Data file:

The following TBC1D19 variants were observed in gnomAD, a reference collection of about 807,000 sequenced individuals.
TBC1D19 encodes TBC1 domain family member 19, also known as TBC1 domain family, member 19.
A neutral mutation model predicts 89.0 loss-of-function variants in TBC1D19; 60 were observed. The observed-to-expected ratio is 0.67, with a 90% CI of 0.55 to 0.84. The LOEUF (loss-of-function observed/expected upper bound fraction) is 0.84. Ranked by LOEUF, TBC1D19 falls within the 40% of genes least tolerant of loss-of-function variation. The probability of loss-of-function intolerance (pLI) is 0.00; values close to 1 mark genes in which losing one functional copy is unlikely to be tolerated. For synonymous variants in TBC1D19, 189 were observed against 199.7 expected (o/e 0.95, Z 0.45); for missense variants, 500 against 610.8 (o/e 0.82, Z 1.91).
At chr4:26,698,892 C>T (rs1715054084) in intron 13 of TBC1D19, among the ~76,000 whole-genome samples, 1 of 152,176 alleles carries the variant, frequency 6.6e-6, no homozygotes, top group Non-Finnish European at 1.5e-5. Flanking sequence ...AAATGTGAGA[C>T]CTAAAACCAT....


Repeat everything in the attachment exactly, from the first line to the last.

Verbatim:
The following TBC1D19 variants were observed in gnomAD, a reference collection of about 807,000 sequenced individuals.
TBC1D19 encodes TBC1 domain family member 19, also known as TBC1 domain family, member 19.
A neutral mutation model predicts 89.0 loss-of-function variants in TBC1D19; 60 were observed. The observed-to-expected ratio is 0.67, with a 90% CI of 0.55 to 0.84. The LOEUF (loss-of-function observed/expected upper bound fraction) is 0.84. Ranked by LOEUF, TBC1D19 falls within the 40% of genes least tolerant of loss-of-function variation. The probability of loss-of-function intolerance (pLI) is 0.00; values close to 1 mark genes in which losing one functional copy is unlikely to be tolerated. For synonymous variants in TBC1D19, 189 were observed against 199.7 expected (o/e 0.95, Z 0.45); for missense variants, 500 against 610.8 (o/e 0.82, Z 1.91).
At chr4:26,698,892 C>T (rs1715054084) in intron 13 of TBC1D19, among the ~76,000 whole-genome samples, 1 of 152,176 alleles carries the variant, frequency 6.6e-6, no homozygotes, top group Non-Finnish European at 1.5e-5. Flanking sequence ...AAATGTGAGA[C>T]CTAAAACCAT....